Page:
Despite their popularity and promise, some teams did not make it into the partnership model with Riot. Based on their off-season performances, the teams to be looked out for in the upcoming cycle include TSM, Shopify Rebellion, and M80, among others. Each team is packed with excellent players who failed to make it to Riot-partnered teams.


The Challengers Leagues will start in January with two rounds of open qualifiers. Through this, many new talents will enter the Valorant esports ecosystem. This is bound to create excellent competition at this level. One can expect new talents to take over the scene as The Guard swept through NA Challengers Stage 1 in 2022, defeating OpTic 3-2 in the grand finals.

It is also important to remember that people at this level are playing for very high stakes. The team emerging at the top of the American Ascension Tournament will be guaranteed a spot in the Americas League of the International split of the VCT for the next two seasons.

4) How the second round in each half is played will change

The second round of each half in Valorant games has been played in a certain way in professional Valorant for a long time. The team winning the pistol round has the better loadout, while the losing team full saves so they can have a full-buy in round three. This means that the outcome of the round, more often than not, swings towards the winners of the first round.


Teams can also force buy. This means they buy one of the weaker weapons, most often Spectres, and half shields while sacrificing some crucial abilities. Nevertheless, this is viable only on the attacking side if the team can get the extra 300 credits from the spike plant.

In their RBHG3 matches, 100 Thieves decided to switch things up. Instead of saving after a few pistol rounds, they lost in the tournament. They bought Stingers, shields, and abilities on both attack and defense. Surprisingly, they managed to convert these rounds into wins on both sides. It is important to note that they were against Spectres and rifles in both cases.

With the Spectre nerfs of patch 5.12, the second rounds of halves are likely to look very different in VCT 2023. More and more teams are bound to follow in 100 Thieves’ footsteps. This will drastically change how the first couple of rounds of each half are played.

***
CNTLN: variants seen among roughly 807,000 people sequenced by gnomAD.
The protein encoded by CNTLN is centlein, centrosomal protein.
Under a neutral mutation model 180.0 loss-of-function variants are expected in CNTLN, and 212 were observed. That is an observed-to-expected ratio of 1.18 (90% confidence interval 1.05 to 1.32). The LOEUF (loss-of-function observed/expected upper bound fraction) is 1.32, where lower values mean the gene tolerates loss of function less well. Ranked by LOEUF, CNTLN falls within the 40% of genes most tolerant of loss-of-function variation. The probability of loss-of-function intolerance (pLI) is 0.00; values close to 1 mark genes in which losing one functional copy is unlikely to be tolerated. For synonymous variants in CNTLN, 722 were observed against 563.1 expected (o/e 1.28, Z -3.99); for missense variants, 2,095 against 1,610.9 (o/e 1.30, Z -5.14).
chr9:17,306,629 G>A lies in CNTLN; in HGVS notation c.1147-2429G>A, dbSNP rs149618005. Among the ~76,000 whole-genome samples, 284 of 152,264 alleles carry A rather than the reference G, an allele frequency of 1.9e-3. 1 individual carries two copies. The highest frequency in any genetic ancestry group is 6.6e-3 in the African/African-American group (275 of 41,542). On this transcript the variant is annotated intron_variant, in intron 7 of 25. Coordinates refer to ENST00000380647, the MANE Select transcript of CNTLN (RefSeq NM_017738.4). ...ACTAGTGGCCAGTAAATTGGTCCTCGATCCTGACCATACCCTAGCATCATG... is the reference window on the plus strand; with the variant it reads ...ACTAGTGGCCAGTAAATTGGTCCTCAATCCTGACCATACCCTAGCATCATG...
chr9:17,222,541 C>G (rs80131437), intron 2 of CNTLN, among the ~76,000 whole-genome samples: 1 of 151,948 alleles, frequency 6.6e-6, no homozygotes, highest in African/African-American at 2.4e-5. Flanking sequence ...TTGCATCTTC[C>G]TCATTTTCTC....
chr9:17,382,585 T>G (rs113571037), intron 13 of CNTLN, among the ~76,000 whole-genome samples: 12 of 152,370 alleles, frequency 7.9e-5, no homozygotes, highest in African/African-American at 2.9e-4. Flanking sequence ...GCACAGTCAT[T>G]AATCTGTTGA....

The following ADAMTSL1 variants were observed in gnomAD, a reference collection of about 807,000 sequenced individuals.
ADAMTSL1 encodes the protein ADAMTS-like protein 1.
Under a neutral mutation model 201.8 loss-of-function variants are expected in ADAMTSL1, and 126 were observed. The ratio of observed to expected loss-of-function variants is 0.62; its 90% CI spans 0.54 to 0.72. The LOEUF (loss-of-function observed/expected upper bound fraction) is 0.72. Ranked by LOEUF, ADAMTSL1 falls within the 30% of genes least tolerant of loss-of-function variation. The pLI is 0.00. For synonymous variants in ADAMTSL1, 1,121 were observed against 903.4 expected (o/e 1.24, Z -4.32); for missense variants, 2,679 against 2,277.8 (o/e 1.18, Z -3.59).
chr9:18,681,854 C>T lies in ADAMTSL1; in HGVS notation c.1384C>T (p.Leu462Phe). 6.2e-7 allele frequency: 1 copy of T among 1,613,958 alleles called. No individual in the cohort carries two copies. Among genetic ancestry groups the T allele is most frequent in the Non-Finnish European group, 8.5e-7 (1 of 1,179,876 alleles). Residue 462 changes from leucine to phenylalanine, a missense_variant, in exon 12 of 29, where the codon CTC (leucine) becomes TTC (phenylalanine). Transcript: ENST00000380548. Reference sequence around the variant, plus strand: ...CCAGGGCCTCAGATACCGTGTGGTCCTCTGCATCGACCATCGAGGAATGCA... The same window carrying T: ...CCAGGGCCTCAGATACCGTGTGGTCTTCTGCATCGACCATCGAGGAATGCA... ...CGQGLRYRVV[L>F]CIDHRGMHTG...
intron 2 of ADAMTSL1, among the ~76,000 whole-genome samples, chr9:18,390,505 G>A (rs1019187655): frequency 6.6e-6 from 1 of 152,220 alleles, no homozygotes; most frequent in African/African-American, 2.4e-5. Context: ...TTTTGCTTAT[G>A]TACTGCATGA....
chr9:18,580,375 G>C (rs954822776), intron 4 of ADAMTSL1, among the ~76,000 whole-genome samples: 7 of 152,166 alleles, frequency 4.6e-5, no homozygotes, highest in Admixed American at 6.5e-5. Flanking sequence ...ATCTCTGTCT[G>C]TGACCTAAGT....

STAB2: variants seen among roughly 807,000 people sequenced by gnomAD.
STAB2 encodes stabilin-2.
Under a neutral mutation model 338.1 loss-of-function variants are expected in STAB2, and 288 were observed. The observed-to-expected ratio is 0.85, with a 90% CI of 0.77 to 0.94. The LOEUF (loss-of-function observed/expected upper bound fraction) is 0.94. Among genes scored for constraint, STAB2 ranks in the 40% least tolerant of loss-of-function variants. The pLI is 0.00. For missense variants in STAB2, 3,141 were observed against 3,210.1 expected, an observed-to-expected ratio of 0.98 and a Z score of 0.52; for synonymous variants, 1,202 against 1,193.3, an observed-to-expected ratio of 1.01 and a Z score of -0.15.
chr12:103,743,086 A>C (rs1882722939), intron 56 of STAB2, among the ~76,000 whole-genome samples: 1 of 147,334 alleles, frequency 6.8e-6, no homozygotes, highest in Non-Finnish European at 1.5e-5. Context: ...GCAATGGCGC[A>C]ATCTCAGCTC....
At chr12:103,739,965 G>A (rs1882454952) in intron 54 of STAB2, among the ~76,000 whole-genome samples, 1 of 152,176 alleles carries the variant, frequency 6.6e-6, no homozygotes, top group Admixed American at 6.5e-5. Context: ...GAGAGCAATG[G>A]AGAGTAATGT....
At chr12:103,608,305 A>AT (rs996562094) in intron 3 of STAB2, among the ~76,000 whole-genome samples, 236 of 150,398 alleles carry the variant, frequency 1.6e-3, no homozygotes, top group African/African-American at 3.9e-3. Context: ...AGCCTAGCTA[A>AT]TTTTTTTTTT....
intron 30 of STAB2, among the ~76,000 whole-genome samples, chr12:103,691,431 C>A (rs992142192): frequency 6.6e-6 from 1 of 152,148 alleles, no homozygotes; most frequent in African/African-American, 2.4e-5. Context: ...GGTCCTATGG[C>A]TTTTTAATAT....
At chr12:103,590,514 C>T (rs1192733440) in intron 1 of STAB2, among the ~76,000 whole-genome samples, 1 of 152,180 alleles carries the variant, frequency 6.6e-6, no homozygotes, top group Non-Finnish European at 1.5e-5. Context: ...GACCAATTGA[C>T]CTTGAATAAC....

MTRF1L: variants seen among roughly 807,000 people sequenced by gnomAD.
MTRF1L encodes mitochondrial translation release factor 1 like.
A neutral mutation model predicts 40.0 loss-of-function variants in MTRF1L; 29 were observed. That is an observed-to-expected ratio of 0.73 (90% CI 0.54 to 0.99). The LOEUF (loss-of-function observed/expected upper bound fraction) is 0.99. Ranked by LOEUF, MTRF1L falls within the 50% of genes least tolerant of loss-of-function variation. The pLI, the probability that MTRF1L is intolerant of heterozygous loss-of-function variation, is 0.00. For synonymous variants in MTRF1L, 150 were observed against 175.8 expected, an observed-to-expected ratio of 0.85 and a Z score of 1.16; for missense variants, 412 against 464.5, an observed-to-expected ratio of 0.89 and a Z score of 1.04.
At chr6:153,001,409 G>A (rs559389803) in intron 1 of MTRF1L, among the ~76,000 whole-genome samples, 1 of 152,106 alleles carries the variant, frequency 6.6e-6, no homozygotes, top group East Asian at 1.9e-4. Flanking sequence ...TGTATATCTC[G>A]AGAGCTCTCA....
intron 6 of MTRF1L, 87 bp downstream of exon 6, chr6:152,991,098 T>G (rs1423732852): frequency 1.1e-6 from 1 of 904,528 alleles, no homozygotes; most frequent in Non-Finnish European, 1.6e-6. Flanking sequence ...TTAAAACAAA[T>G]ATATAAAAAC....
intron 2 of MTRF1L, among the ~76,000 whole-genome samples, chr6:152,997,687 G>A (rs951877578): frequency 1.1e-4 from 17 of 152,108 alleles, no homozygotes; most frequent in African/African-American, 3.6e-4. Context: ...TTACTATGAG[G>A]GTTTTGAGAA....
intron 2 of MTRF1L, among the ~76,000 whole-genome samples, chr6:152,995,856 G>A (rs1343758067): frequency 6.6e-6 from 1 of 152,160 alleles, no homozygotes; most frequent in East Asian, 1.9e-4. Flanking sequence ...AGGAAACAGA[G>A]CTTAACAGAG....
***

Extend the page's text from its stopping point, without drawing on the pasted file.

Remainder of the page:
5) Agent changes and a new map pool will shift the in-game meta

The Agent changes in Patch 5.12 have the potential to overhaul the meta. The nerfs to Chamber’s abilities will likely put him at par with the other Sentinels in the game.

Other changes include balancing out the strengths of the Initiators. Instead of running a compulsory Chamber with multiple Initiators on all maps that dominated the last season of the VCT, teams will look to try out more varied Agent compositions.


This will have interesting ramifications in the VCT scene. A lot of the transfers were most likely centered around the current status of the agents in mind. It will be fascinating to see how players such as yay, Cryocells, TenZ, and Tacolilla, who have become synonymous with the Chamber Operator, adjust to these changes.

It has been confirmed that a revamped Split is coming back, while Bind and Breeze will be removed. The game will also get a new map soon enough to keep its seven-map pool constant. This means that VCT 2023 will have a fresh new map pool.

The season will see a fresh set of Agent compositions and strategies for the teams playing in the VCT, whether at the Americas League level, the Challengers, or the Ascension level.

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Edited by Srijan Sen